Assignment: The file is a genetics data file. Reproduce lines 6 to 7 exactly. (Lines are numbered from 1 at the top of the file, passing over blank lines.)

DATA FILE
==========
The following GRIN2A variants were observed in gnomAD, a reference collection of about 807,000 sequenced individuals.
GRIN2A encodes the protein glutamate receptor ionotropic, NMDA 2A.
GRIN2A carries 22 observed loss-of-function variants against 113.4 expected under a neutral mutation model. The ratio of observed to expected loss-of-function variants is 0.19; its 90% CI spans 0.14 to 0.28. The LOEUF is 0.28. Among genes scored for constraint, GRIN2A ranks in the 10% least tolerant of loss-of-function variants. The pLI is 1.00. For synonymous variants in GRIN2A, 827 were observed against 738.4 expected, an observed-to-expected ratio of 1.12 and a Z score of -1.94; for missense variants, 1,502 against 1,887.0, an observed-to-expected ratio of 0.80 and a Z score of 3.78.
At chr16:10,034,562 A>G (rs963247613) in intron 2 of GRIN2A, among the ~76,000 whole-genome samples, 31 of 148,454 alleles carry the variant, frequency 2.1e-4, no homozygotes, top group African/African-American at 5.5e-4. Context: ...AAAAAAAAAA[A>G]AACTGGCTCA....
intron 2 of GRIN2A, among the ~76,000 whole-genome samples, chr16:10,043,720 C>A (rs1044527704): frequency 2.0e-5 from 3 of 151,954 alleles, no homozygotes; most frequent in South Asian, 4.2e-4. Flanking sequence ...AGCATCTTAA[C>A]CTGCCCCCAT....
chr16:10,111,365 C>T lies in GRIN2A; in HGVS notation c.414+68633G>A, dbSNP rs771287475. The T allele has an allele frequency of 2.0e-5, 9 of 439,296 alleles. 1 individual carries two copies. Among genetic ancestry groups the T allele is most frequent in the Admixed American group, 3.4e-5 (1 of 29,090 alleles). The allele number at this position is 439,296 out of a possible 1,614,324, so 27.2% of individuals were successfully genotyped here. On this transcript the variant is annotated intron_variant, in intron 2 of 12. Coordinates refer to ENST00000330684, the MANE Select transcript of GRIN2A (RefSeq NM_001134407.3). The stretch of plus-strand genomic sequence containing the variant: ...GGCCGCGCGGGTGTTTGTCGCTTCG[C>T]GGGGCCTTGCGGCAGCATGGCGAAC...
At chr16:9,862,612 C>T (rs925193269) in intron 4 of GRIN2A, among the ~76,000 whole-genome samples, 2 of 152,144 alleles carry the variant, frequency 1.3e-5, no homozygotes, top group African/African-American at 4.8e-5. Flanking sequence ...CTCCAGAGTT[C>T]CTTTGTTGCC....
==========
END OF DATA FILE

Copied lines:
chr16:10,111,365 C>T lies in GRIN2A; in HGVS notation c.414+68633G>A, dbSNP rs771287475. The T allele has an allele frequency of 2.0e-5, 9 of 439,296 alleles. 1 individual carries two copies. Among genetic ancestry groups the T allele is most frequent in the Admixed American group, 3.4e-5 (1 of 29,090 alleles). The allele number at this position is 439,296 out of a possible 1,614,324, so 27.2% of individuals were successfully genotyped here. On this transcript the variant is annotated intron_variant, in intron 2 of 12. Coordinates refer to ENST00000330684, the MANE Select transcript of GRIN2A (RefSeq NM_001134407.3). The stretch of plus-strand genomic sequence containing the variant: ...GGCCGCGCGGGTGTTTGTCGCTTCG[C>T]GGGGCCTTGCGGCAGCATGGCGAAC...
At chr16:9,862,612 C>T (rs925193269) in intron 4 of GRIN2A, among the ~76,000 whole-genome samples, 2 of 152,144 alleles carry the variant, frequency 1.3e-5, no homozygotes, top group African/African-American at 4.8e-5. Flanking sequence ...CTCCAGAGTT[C>T]CTTTGTTGCC....